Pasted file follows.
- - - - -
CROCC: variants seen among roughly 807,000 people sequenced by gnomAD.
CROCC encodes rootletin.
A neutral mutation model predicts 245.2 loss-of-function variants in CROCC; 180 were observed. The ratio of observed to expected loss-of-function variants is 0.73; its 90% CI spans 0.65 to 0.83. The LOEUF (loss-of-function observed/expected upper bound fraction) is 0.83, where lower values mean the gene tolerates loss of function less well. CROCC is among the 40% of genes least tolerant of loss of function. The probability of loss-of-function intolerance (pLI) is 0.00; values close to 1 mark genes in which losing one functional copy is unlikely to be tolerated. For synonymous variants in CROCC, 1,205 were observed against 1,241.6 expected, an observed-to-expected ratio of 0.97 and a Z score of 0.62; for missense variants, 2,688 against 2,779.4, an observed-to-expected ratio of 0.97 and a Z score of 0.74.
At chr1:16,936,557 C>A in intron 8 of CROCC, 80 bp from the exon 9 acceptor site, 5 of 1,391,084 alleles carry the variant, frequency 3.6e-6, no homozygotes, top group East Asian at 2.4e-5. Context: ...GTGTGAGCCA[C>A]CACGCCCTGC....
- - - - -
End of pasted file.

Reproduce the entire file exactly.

CROCC: variants seen among roughly 807,000 people sequenced by gnomAD.
CROCC encodes rootletin.
A neutral mutation model predicts 245.2 loss-of-function variants in CROCC; 180 were observed. The ratio of observed to expected loss-of-function variants is 0.73; its 90% CI spans 0.65 to 0.83. The LOEUF (loss-of-function observed/expected upper bound fraction) is 0.83, where lower values mean the gene tolerates loss of function less well. CROCC is among the 40% of genes least tolerant of loss of function. The probability of loss-of-function intolerance (pLI) is 0.00; values close to 1 mark genes in which losing one functional copy is unlikely to be tolerated. For synonymous variants in CROCC, 1,205 were observed against 1,241.6 expected, an observed-to-expected ratio of 0.97 and a Z score of 0.62; for missense variants, 2,688 against 2,779.4, an observed-to-expected ratio of 0.97 and a Z score of 0.74.
At chr1:16,936,557 C>A in intron 8 of CROCC, 80 bp from the exon 9 acceptor site, 5 of 1,391,084 alleles carry the variant, frequency 3.6e-6, no homozygotes, top group East Asian at 2.4e-5. Context: ...GTGTGAGCCA[C>A]CACGCCCTGC....